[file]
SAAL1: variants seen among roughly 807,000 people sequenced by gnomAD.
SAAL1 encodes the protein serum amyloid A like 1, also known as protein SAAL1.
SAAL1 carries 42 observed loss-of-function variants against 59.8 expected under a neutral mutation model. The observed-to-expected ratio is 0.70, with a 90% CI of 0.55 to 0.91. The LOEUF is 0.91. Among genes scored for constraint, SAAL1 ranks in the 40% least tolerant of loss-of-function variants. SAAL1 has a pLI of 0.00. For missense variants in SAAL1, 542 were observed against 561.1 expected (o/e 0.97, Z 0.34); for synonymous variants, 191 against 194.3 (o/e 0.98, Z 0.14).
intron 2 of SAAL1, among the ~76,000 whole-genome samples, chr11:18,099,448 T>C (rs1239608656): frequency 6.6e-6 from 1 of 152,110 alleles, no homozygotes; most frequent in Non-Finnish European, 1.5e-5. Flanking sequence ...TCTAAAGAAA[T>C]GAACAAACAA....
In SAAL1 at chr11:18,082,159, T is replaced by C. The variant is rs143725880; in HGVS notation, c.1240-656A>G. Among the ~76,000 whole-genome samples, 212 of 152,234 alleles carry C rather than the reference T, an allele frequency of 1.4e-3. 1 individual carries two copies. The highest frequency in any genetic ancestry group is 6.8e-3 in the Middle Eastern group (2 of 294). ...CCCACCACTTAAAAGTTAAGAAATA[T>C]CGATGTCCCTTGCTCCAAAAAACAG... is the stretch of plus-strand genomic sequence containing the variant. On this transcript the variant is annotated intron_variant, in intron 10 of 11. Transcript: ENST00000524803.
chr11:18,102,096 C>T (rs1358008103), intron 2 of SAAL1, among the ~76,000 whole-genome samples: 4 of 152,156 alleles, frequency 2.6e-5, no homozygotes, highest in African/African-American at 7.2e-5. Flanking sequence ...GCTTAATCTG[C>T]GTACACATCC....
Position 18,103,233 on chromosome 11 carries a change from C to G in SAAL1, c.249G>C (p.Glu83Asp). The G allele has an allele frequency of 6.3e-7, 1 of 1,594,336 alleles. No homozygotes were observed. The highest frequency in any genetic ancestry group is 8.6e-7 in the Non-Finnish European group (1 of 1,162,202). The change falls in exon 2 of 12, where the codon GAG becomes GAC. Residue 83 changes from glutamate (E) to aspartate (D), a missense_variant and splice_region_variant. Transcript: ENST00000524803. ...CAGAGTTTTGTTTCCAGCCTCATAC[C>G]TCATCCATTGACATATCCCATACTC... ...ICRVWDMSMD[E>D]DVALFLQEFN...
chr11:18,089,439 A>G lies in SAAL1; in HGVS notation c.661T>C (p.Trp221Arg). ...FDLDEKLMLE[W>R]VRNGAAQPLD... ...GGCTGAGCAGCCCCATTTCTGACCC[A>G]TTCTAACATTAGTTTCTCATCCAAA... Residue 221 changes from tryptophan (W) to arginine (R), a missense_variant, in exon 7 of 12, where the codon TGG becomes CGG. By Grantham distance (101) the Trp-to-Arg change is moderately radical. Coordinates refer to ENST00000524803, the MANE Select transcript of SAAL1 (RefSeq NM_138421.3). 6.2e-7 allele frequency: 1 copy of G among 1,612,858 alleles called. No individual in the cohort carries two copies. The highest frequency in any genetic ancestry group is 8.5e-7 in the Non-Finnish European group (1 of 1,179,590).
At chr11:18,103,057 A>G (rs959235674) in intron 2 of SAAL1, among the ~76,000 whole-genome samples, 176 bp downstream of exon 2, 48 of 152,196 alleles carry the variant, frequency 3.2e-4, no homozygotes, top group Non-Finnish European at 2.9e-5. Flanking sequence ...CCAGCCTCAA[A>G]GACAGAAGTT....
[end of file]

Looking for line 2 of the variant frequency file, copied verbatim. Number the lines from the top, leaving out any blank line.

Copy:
SAAL1 encodes the protein serum amyloid A like 1, also known as protein SAAL1.